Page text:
California Closets, Closets By Design, and a multitude of other closet companies are offering a simplified life and all of the wonderful benefits of new closets. Builders typically put in a simple rod and shelf, and these companies can make drastic improvements. If you are interested in having more efficient storage, how do you choose which one to work with?
First: Is This Necessary?
When a closet company comes to do an estimate, they count how many shoes and handbags you have and measure the linear feet of shelving and hanging space that you require, and then they design a custom closet around what you have. It doesn’t make sense for them to design a closet around a bunch of stuff you never use, so the first thing to do is go through all of the clothing, shoes, and accessories and decide what to keep, donate, toss, repair, and store elsewhere.
Once you see what is left, you may see that you don’t need a new closet since you’ve pared down so much, or if you still have a problem, at least now the closet will be designed around what you truly use and need.
What to Expect
Closet companies will usually come out for free to do a design and estimate. They may need to schedule another appointment with you to present the designs. You will want to have all decision-makers on hand for that meeting so you can decide whether to move forward. It will take several weeks, typically, to cut the parts for your design and schedule the installers. You can spend anywhere from a few hundred dollars to several thousand, depending upon the features you want.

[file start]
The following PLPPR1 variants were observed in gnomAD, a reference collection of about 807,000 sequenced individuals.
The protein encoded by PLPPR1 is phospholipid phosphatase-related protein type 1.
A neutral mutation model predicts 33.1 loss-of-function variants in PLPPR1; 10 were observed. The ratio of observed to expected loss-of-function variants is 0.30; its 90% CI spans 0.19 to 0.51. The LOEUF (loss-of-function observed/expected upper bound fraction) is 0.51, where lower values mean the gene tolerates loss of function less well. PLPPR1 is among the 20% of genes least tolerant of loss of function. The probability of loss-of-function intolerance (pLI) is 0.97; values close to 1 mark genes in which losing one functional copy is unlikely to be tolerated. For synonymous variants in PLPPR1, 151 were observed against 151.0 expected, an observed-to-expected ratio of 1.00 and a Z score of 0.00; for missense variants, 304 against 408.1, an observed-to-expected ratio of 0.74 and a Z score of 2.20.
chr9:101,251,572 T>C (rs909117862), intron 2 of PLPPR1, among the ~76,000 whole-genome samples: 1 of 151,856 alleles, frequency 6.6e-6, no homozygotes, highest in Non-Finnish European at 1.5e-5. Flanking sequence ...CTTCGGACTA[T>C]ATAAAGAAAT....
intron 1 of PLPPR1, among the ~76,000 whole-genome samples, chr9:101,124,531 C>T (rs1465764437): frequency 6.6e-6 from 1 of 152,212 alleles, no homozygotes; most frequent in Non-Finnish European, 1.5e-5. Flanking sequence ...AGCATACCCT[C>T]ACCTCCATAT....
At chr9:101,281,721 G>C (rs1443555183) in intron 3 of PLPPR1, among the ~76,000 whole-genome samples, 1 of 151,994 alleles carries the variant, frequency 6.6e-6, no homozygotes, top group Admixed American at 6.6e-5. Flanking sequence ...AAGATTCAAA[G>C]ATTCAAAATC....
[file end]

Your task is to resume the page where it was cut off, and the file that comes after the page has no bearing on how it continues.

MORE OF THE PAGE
What to Ask
- How long have you been in business? Are you a franchisee?
- What warranty do you offer? Does it apply only to me, or future owners of my home?
- What colors do you have available for the melamine (laminate) material?
- Is the melamine thermal-fused or cold processed? Thermal-fused melamine wears much better.
- Is the particleboard furniture grade, or industrial grade? Industrial grade holds the screws better and is thicker.
- Is there any plastic used in the hardware? Metal parts are preferred.
- What is the standard shelf depth you use? Builders’ standard is 11.5 inches, but having deeper shelves such as 14” or 16” is greatly preferred for holding larger sweaters and even suitcases.
- How are your drawer units constructed? How is the drawer handle hardware fastened? Are full extension glides included? Full extension glides provide the best support for your drawers and are a really good idea to put in, even if it is an upgrade. Construction of drawers can be a big differentiator in quality.
- Do you offer oval clothing rods? Just like an egg’s oval shape provides strength, chrome oval-shaped clothing rods are stronger than rounded ones. Metal rods are usually a better choice than wooden ones.
- Does your installation include tearing out the old closet? Will you do wall repairs and touch-up painting?